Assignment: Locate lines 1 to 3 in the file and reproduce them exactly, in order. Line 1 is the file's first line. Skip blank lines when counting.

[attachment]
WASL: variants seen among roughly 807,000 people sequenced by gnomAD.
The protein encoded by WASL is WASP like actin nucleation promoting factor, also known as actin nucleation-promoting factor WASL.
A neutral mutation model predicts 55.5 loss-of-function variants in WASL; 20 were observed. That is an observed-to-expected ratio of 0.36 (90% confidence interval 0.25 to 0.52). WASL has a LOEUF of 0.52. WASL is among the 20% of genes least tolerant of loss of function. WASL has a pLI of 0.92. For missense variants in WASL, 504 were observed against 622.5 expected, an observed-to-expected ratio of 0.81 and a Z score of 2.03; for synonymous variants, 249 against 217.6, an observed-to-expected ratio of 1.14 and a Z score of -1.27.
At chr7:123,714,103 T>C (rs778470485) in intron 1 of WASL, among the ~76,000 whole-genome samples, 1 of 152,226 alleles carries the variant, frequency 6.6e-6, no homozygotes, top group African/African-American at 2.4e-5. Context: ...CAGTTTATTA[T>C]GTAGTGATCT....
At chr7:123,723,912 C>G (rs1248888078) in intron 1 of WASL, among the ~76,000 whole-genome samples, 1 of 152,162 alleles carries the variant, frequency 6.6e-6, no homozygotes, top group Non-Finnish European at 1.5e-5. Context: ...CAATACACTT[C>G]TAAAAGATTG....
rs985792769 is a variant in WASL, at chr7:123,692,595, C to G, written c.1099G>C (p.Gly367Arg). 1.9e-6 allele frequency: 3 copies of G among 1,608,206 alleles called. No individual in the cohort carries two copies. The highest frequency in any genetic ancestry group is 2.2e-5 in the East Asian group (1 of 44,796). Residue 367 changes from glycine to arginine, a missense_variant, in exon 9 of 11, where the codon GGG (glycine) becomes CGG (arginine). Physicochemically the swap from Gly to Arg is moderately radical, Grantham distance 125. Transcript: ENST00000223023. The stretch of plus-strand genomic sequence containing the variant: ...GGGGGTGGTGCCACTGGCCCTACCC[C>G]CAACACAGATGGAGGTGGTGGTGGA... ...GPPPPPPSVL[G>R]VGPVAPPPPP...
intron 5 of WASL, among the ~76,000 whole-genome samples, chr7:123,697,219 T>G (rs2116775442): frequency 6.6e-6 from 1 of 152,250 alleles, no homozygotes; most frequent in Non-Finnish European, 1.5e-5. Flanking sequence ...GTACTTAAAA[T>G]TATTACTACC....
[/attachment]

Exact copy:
WASL: variants seen among roughly 807,000 people sequenced by gnomAD.
The protein encoded by WASL is WASP like actin nucleation promoting factor, also known as actin nucleation-promoting factor WASL.
A neutral mutation model predicts 55.5 loss-of-function variants in WASL; 20 were observed. That is an observed-to-expected ratio of 0.36 (90% confidence interval 0.25 to 0.52). WASL has a LOEUF of 0.52. WASL is among the 20% of genes least tolerant of loss of function. WASL has a pLI of 0.92. For missense variants in WASL, 504 were observed against 622.5 expected, an observed-to-expected ratio of 0.81 and a Z score of 2.03; for synonymous variants, 249 against 217.6, an observed-to-expected ratio of 1.14 and a Z score of -1.27.